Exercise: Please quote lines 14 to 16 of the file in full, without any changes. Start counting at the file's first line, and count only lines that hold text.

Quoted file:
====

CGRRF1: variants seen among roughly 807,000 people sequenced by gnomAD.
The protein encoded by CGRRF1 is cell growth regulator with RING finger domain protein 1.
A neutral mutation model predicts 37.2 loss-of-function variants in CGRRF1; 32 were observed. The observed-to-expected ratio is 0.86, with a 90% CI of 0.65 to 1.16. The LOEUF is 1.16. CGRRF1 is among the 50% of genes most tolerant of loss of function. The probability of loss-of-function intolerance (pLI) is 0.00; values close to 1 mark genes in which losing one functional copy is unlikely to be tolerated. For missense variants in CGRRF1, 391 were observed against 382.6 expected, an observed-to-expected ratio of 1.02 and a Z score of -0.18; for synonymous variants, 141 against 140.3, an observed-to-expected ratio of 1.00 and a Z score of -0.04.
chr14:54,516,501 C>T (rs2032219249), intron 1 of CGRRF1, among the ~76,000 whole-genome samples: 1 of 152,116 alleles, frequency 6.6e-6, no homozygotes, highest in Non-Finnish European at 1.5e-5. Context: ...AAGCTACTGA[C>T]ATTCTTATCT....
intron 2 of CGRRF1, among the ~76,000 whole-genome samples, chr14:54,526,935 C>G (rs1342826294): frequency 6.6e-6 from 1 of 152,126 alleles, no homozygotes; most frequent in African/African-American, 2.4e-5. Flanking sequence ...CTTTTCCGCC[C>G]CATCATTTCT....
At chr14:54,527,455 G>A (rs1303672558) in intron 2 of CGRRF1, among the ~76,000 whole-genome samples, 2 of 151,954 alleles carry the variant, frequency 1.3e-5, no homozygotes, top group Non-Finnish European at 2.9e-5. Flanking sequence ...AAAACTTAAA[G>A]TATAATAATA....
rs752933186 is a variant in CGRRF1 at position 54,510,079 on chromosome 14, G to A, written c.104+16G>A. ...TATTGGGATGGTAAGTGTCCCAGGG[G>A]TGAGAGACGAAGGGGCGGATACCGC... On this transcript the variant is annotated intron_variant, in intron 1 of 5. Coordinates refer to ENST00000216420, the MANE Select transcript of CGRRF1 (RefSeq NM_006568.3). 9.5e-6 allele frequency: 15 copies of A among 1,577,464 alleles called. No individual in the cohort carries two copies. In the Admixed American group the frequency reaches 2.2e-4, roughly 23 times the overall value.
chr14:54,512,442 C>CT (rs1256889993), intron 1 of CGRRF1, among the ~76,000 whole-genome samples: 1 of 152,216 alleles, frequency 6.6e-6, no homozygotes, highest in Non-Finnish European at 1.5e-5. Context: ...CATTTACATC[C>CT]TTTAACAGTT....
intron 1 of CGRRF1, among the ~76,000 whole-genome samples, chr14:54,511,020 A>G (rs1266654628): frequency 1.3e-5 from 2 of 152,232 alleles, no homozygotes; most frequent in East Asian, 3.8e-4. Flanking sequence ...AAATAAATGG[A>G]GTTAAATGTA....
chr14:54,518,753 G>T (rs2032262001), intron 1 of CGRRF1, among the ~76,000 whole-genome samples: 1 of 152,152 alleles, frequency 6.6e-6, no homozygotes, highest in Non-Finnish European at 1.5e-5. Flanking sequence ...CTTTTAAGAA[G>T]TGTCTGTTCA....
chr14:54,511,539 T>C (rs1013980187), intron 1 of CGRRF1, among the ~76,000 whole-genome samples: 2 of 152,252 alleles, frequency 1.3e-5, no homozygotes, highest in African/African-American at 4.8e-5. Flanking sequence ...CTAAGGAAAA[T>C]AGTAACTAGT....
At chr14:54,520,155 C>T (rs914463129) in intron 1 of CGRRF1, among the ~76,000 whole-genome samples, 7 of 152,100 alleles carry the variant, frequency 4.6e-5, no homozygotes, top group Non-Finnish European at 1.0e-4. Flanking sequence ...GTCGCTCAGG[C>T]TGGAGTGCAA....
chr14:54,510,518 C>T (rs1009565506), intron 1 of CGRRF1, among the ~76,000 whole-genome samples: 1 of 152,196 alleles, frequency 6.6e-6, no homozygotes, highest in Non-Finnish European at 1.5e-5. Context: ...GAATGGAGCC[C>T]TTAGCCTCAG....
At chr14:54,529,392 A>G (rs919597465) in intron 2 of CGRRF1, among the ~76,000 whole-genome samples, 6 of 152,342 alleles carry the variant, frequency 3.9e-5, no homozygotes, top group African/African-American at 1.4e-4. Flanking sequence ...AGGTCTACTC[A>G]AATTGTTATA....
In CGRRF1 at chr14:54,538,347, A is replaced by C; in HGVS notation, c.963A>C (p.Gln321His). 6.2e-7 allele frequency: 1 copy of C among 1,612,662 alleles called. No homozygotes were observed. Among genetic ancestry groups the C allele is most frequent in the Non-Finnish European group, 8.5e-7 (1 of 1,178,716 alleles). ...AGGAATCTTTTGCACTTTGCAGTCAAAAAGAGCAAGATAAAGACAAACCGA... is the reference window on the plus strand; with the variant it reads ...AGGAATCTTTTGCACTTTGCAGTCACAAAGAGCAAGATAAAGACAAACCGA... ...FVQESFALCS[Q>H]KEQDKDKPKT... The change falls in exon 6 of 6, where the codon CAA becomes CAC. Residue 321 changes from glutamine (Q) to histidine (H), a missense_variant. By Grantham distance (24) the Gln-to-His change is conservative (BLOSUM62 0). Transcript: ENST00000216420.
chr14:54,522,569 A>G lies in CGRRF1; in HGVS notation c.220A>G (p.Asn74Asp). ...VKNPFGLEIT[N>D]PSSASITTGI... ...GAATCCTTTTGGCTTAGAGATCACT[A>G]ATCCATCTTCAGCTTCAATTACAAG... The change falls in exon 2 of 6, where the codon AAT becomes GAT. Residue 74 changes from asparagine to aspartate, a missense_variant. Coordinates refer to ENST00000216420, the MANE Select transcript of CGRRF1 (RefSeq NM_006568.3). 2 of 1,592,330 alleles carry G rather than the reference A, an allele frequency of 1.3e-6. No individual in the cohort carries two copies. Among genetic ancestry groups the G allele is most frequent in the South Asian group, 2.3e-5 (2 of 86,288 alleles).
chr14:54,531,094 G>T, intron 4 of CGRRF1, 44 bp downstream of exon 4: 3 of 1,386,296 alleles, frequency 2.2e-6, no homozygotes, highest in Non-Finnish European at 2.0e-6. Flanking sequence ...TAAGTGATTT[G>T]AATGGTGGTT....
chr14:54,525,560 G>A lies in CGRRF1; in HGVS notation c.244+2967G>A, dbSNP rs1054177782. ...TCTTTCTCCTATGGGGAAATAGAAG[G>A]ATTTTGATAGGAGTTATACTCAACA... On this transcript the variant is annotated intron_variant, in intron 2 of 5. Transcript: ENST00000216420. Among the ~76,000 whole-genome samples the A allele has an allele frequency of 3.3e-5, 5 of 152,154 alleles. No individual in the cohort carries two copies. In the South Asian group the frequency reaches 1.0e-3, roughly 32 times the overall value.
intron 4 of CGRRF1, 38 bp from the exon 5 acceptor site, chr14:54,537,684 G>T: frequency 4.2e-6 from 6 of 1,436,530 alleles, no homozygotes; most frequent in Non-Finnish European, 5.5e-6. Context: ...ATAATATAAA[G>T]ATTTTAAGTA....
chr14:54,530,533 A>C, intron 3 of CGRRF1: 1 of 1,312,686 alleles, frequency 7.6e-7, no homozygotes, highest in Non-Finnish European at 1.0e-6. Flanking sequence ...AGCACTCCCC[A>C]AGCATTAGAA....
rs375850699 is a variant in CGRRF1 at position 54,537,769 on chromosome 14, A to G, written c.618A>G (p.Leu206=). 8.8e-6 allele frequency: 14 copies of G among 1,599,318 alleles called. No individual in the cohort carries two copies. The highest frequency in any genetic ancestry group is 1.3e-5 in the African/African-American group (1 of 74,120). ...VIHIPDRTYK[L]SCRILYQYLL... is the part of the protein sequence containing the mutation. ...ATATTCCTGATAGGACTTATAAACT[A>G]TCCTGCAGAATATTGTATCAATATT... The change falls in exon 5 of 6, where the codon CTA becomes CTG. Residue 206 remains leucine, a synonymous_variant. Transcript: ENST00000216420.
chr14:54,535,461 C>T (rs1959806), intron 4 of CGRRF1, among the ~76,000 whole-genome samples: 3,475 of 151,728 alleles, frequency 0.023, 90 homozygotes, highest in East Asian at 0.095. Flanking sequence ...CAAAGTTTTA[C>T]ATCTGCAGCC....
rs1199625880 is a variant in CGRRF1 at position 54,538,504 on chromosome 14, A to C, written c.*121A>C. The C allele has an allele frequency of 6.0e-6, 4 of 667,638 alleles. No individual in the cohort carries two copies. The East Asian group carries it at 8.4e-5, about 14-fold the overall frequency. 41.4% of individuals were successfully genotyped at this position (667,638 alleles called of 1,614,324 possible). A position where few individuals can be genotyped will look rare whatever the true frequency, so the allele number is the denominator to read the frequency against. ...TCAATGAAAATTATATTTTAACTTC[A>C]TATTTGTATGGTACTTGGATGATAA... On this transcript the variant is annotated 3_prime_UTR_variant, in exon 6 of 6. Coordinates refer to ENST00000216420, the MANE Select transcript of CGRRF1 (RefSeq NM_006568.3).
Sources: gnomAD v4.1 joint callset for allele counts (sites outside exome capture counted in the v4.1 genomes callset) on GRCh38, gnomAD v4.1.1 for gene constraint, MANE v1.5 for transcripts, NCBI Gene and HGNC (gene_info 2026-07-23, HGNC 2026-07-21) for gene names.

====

At chr14:54,529,392 A>G (rs919597465) in intron 2 of CGRRF1, among the ~76,000 whole-genome samples, 6 of 152,342 alleles carry the variant, frequency 3.9e-5, no homozygotes, top group African/African-American at 1.4e-4. Flanking sequence ...AGGTCTACTC[A>G]AATTGTTATA....
In CGRRF1 at chr14:54,538,347, A is replaced by C; in HGVS notation, c.963A>C (p.Gln321His). 6.2e-7 allele frequency: 1 copy of C among 1,612,662 alleles called. No homozygotes were observed. Among genetic ancestry groups the C allele is most frequent in the Non-Finnish European group, 8.5e-7 (1 of 1,178,716 alleles). ...AGGAATCTTTTGCACTTTGCAGTCAAAAAGAGCAAGATAAAGACAAACCGA... is the reference window on the plus strand; with the variant it reads ...AGGAATCTTTTGCACTTTGCAGTCACAAAGAGCAAGATAAAGACAAACCGA... ...FVQESFALCS[Q>H]KEQDKDKPKT... The change falls in exon 6 of 6, where the codon CAA becomes CAC. Residue 321 changes from glutamine (Q) to histidine (H), a missense_variant. By Grantham distance (24) the Gln-to-His change is conservative (BLOSUM62 0). Transcript: ENST00000216420.
chr14:54,522,569 A>G lies in CGRRF1; in HGVS notation c.220A>G (p.Asn74Asp). ...VKNPFGLEIT[N>D]PSSASITTGI... ...GAATCCTTTTGGCTTAGAGATCACT[A>G]ATCCATCTTCAGCTTCAATTACAAG... The change falls in exon 2 of 6, where the codon AAT becomes GAT. Residue 74 changes from asparagine to aspartate, a missense_variant. Coordinates refer to ENST00000216420, the MANE Select transcript of CGRRF1 (RefSeq NM_006568.3). 2 of 1,592,330 alleles carry G rather than the reference A, an allele frequency of 1.3e-6. No individual in the cohort carries two copies. Among genetic ancestry groups the G allele is most frequent in the South Asian group, 2.3e-5 (2 of 86,288 alleles).